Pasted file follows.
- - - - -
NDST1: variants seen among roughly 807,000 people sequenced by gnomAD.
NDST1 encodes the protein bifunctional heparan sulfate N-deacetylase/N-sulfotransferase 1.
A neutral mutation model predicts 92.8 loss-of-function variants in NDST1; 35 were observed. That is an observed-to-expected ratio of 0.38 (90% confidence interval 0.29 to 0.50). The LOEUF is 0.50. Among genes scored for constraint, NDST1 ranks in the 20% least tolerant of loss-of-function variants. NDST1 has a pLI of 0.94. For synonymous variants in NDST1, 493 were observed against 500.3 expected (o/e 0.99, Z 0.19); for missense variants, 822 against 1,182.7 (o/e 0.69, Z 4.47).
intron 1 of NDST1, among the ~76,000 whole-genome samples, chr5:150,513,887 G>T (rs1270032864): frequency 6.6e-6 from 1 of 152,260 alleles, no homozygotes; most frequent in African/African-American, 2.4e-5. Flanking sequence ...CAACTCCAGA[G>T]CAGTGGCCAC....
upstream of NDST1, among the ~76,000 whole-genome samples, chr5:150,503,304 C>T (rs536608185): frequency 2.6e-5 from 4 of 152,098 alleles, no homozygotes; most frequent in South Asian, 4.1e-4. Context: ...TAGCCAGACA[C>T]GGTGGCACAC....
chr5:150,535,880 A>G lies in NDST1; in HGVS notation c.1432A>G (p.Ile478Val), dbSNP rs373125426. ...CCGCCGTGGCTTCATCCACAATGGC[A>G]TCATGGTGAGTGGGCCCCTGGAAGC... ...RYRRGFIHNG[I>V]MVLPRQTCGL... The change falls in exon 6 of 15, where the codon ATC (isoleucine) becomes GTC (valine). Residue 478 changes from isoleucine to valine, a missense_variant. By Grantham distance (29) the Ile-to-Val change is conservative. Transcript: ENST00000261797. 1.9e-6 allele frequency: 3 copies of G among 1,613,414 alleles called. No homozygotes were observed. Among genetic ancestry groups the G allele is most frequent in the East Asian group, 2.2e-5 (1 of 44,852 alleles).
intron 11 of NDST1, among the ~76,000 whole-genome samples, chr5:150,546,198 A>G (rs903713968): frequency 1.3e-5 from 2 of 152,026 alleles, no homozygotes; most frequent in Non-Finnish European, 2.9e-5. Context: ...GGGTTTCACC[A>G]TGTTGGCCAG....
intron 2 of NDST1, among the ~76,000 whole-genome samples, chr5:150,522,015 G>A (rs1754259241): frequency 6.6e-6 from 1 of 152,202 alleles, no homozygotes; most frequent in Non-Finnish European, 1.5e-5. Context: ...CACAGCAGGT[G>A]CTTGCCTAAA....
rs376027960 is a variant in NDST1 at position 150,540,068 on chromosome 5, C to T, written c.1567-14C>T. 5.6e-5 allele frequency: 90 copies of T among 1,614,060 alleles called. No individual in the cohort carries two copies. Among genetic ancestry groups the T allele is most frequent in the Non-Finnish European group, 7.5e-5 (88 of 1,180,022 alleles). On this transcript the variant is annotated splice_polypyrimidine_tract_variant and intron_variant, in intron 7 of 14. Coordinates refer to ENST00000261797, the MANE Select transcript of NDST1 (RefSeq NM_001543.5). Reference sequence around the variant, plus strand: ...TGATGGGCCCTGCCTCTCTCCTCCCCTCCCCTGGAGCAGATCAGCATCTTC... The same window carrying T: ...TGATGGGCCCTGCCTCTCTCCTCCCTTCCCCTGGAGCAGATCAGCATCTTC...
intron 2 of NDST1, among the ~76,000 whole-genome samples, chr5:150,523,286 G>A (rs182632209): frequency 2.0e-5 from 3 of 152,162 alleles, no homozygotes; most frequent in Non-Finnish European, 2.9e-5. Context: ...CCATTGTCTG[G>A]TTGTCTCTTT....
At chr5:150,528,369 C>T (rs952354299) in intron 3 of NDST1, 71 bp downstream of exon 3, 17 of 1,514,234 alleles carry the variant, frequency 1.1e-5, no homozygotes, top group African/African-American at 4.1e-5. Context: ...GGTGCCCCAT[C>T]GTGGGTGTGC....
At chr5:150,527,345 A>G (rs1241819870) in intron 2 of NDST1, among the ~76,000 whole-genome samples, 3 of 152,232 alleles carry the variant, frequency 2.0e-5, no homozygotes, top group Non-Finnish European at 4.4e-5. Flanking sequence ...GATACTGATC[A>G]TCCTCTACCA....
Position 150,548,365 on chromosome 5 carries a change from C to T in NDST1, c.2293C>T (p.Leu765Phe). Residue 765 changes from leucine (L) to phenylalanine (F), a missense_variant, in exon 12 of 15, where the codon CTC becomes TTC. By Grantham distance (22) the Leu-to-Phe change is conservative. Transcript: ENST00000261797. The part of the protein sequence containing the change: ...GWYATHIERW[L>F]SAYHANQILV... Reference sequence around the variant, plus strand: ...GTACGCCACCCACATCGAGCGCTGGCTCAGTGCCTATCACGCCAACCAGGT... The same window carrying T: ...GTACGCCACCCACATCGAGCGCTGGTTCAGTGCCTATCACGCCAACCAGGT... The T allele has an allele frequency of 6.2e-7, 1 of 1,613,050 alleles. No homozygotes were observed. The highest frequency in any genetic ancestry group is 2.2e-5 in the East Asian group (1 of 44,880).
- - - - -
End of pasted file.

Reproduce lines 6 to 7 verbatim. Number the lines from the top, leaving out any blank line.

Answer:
chr5:150,535,880 A>G lies in NDST1; in HGVS notation c.1432A>G (p.Ile478Val), dbSNP rs373125426. ...CCGCCGTGGCTTCATCCACAATGGC[A>G]TCATGGTGAGTGGGCCCCTGGAAGC... ...RYRRGFIHNG[I>V]MVLPRQTCGL... The change falls in exon 6 of 15, where the codon ATC (isoleucine) becomes GTC (valine). Residue 478 changes from isoleucine to valine, a missense_variant. By Grantham distance (29) the Ile-to-Val change is conservative. Transcript: ENST00000261797. 1.9e-6 allele frequency: 3 copies of G among 1,613,414 alleles called. No homozygotes were observed. Among genetic ancestry groups the G allele is most frequent in the East Asian group, 2.2e-5 (1 of 44,852 alleles).
intron 11 of NDST1, among the ~76,000 whole-genome samples, chr5:150,546,198 A>G (rs903713968): frequency 1.3e-5 from 2 of 152,026 alleles, no homozygotes; most frequent in Non-Finnish European, 2.9e-5. Context: ...GGGTTTCACC[A>G]TGTTGGCCAG....